Lowdown On The Effects Of Alcohol On The Brain
How does alcohol affect the brain? Almost everyone has seen someone that has had too much to drink, the effects of the alcohol are easily detected. Slurred speech, trouble walking, behavioral changes and so forth go with drinking too much at one sitting. These are the signs of someone who has had too much to drink.
You may be wondering how alcohol causes these short term effects. The direct action of alcohol on your brain is that it is a depressant. It affects your nervous system by decreasing its activity. This may be difficult to understand because most often people who are drinking don’t seem to be all that depressed, unless they are on a crying jag, that is.
Quite often an alcoholic drink will help people relax and become more comfortable socially. They may become more talkative and outgoing. Why is this? It is because alcohol can cause disinhibition, which is defined as a temporary loss of inhibition caused by an outside stimulus.
A more complicated discussion of how alcohol affects the brain involves discussing the different parts of the brain, such as the cerebellum, the cortex, and so forth. The way the parts of the brain communicate with each other is through nerve cells connecting them together called neurons.
Nerve cells send messages to each other using electrical and chemical signals. So when you are stimulated from the outside, like with light, noise, smells, tastes and so forth, this is external stimuli being converted to electrical and chemical signals within your brain and body.
Neurotransmitters are the electrical signals generated by neurons. A neuron picks up signals from its neighboring cell using receptors. There are many types of receptors for each neurotransmitter.
There are 3 neurotransmitters that seem to be affected by alcohol consumption, the NMDA and GABA receptors play a role din the development of tolerance and dependence on alcohol. The third neurotransmitter is dopamine, which plays a role in our brain’s reward system. Dopamine is not only released by alcohol, food, sex, and other drugs will result in the release of dopamine.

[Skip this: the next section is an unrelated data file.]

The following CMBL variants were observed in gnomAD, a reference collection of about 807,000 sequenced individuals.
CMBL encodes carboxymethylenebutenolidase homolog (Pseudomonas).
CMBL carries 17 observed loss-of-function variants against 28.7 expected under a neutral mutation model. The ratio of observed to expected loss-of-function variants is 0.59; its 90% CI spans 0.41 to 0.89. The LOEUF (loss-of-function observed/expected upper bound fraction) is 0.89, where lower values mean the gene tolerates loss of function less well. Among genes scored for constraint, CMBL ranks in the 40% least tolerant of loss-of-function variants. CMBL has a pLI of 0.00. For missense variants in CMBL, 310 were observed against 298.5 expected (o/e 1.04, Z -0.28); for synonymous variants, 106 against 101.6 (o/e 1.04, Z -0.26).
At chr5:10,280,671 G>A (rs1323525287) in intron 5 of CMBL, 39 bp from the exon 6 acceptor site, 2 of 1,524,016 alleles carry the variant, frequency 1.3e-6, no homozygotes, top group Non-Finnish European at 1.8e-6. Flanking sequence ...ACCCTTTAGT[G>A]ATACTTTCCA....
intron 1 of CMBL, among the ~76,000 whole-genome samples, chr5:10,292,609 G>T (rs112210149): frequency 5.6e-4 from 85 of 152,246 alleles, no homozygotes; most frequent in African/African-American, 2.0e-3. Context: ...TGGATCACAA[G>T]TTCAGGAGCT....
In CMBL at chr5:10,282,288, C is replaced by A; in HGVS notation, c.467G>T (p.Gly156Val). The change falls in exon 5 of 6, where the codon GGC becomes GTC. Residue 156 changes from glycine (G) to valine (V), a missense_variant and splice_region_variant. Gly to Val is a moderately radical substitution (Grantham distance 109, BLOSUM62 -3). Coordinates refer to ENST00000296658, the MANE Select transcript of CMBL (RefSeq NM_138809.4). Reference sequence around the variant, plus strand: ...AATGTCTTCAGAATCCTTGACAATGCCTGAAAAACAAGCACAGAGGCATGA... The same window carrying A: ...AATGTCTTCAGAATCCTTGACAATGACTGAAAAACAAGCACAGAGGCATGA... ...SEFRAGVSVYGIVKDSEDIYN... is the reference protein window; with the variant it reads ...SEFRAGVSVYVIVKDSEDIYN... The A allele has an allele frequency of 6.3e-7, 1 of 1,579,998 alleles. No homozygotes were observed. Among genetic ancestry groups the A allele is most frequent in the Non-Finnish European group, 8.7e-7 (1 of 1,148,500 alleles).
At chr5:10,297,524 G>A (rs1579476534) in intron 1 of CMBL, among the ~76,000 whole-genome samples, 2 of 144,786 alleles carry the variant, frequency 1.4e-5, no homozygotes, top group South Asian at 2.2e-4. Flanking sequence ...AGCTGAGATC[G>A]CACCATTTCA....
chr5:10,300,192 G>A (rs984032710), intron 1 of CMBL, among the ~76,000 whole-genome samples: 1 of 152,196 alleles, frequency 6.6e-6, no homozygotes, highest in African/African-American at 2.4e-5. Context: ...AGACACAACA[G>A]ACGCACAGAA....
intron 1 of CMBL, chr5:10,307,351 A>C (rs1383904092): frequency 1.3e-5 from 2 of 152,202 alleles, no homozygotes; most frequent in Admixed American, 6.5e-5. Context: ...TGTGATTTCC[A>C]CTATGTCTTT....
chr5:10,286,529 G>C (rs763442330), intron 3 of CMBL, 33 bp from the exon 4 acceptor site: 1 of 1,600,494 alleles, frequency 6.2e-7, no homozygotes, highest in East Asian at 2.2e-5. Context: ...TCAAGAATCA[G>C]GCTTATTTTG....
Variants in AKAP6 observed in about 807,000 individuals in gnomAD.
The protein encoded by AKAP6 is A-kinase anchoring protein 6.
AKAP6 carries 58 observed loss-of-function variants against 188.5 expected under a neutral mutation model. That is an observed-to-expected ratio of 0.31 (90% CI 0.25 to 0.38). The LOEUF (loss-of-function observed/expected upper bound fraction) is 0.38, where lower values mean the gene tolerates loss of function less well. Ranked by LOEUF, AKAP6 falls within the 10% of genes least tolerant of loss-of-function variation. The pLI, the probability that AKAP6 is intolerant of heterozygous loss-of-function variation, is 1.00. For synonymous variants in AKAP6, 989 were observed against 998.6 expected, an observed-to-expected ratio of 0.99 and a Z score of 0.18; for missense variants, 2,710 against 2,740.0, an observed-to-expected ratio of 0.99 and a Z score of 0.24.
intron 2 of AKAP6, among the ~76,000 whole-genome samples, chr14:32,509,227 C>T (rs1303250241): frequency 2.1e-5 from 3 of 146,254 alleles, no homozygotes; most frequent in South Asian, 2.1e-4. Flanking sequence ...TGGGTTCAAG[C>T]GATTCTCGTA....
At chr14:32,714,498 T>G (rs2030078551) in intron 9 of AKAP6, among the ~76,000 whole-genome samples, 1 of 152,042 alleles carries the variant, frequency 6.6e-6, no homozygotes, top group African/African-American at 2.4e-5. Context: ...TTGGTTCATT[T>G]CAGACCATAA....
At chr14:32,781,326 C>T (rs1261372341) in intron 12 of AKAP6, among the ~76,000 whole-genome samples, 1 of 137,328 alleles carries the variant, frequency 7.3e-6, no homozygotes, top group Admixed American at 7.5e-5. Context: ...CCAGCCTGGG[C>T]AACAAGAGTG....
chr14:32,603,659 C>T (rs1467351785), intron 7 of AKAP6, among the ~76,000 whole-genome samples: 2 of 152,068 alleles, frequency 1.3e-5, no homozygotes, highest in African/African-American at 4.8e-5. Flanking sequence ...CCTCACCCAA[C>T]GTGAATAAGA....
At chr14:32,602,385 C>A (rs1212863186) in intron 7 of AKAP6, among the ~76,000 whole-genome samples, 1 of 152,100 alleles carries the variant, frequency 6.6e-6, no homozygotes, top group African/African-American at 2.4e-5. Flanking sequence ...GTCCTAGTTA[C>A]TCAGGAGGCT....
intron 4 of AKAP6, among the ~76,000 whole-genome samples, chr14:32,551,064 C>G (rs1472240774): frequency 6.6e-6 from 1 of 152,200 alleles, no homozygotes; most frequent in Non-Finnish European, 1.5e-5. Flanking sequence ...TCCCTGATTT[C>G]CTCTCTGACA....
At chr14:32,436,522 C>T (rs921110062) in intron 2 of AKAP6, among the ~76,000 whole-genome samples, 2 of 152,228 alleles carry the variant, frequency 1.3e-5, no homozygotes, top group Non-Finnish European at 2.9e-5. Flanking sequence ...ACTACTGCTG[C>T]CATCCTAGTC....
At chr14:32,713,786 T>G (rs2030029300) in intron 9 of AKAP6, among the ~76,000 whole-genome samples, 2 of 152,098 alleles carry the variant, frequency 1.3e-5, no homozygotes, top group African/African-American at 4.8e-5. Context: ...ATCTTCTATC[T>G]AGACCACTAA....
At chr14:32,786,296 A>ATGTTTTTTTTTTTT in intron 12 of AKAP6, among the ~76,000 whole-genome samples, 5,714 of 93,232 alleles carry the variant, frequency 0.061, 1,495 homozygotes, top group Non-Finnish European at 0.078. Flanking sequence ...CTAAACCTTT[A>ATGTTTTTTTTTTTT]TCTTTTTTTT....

A fourth neurotransmitter called serotonin also may play a role in the reward processes of alcohol in the brain. Serotonin plays a role in our moods, compulsive disorders, aggression and the effects of some other drugs.
The behavioral effects of alcohol on the brain depends on the amount of alcohol consumed, the time period over which the alcohol was drunk, if other drugs were consumed, the individuals previous drinking history, the individuals physical state, the genetic makeup of the individual, the individuals mood, and the environment where the drinking is taking place.
Research supports the idea that alcohol activates the reward pathways in your brain, which are coded there as experience and possibly memory. Once these pathways are coded, these experiences and memories can influence future behavior.
This explains why drinking is thought of as a pleasurable experience when in actuality the alcohol is poison to our bodies and it isn’t assimilated into our bodies well. This is sometimes why people will drink time and time again, they mostly remember the pleasure and not the pain (as experienced from a hangover).
My Personal Story
I only know what I have experienced myself about how alcohol affects the brain, and from watching my husband James drink alcoholically over the years. Of course I have been drunk, and have experienced the sometimes embarrassing behavior that results from loosing ones inhibitions.
My husbands brain certainly seemed to be worse for wear by the time he died. He was in full possession of his mental faculties until the end, except for when he was drunk. When he was drunk, he was rather hard to deal with as he could be a jolly drunk or a mean drunk, depending on his mood.
His memory was bad, he rarely remembered things in the same way I did. I am not sure what that was about, if the alcohol intake had something to do with his loss of memory or if he just had a poor memory. I did not notice these problems during the 3 years that we had together when he did not drink, but we were also much younger then.
Bottom line, the alcohol did affect his brain in the end when his liver disease progressed to the point of hepatic encephalopathy, when his brain was full of toxins because his liver had failed and was no longer removing them from his blood. This was a sad thing to see in someone I loved, there was absolutely no one home and the lights were out – he looked at me and it seemed he did not recognize me at all – this occurred just prior to his death.